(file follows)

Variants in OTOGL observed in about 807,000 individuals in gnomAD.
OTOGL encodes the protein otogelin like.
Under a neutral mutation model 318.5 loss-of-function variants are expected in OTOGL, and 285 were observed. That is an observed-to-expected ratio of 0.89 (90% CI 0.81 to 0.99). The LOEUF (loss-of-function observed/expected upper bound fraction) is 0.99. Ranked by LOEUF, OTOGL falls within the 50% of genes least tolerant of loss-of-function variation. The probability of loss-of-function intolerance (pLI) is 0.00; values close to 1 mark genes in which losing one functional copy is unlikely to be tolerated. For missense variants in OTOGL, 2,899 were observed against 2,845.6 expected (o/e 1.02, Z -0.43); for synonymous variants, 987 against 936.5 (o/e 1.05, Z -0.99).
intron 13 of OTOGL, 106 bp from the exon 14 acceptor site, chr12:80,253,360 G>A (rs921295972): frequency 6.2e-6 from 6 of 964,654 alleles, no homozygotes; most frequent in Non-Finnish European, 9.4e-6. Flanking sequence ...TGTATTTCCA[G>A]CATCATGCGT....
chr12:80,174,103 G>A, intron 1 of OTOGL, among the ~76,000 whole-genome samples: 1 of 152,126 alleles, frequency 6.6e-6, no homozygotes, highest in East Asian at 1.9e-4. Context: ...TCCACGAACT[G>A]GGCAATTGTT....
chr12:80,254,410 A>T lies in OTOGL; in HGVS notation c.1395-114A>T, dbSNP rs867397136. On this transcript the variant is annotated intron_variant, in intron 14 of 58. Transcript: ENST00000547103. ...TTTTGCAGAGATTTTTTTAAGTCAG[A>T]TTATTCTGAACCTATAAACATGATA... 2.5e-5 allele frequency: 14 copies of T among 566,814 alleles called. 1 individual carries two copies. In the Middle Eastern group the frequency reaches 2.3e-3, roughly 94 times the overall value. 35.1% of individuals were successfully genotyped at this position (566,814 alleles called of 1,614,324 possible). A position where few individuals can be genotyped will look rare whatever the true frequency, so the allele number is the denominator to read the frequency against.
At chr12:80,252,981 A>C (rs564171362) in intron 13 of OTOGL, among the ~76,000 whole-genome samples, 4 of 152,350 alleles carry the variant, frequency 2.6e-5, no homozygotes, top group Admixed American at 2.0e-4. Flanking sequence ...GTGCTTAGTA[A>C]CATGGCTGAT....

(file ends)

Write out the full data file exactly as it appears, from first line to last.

Variants in OTOGL observed in about 807,000 individuals in gnomAD.
OTOGL encodes the protein otogelin like.
Under a neutral mutation model 318.5 loss-of-function variants are expected in OTOGL, and 285 were observed. That is an observed-to-expected ratio of 0.89 (90% CI 0.81 to 0.99). The LOEUF (loss-of-function observed/expected upper bound fraction) is 0.99. Ranked by LOEUF, OTOGL falls within the 50% of genes least tolerant of loss-of-function variation. The probability of loss-of-function intolerance (pLI) is 0.00; values close to 1 mark genes in which losing one functional copy is unlikely to be tolerated. For missense variants in OTOGL, 2,899 were observed against 2,845.6 expected (o/e 1.02, Z -0.43); for synonymous variants, 987 against 936.5 (o/e 1.05, Z -0.99).
intron 13 of OTOGL, 106 bp from the exon 14 acceptor site, chr12:80,253,360 G>A (rs921295972): frequency 6.2e-6 from 6 of 964,654 alleles, no homozygotes; most frequent in Non-Finnish European, 9.4e-6. Flanking sequence ...TGTATTTCCA[G>A]CATCATGCGT....
chr12:80,174,103 G>A, intron 1 of OTOGL, among the ~76,000 whole-genome samples: 1 of 152,126 alleles, frequency 6.6e-6, no homozygotes, highest in East Asian at 1.9e-4. Context: ...TCCACGAACT[G>A]GGCAATTGTT....
chr12:80,254,410 A>T lies in OTOGL; in HGVS notation c.1395-114A>T, dbSNP rs867397136. On this transcript the variant is annotated intron_variant, in intron 14 of 58. Transcript: ENST00000547103. ...TTTTGCAGAGATTTTTTTAAGTCAG[A>T]TTATTCTGAACCTATAAACATGATA... 2.5e-5 allele frequency: 14 copies of T among 566,814 alleles called. 1 individual carries two copies. In the Middle Eastern group the frequency reaches 2.3e-3, roughly 94 times the overall value. 35.1% of individuals were successfully genotyped at this position (566,814 alleles called of 1,614,324 possible). A position where few individuals can be genotyped will look rare whatever the true frequency, so the allele number is the denominator to read the frequency against.
At chr12:80,252,981 A>C (rs564171362) in intron 13 of OTOGL, among the ~76,000 whole-genome samples, 4 of 152,350 alleles carry the variant, frequency 2.6e-5, no homozygotes, top group Admixed American at 2.0e-4. Flanking sequence ...GTGCTTAGTA[A>C]CATGGCTGAT....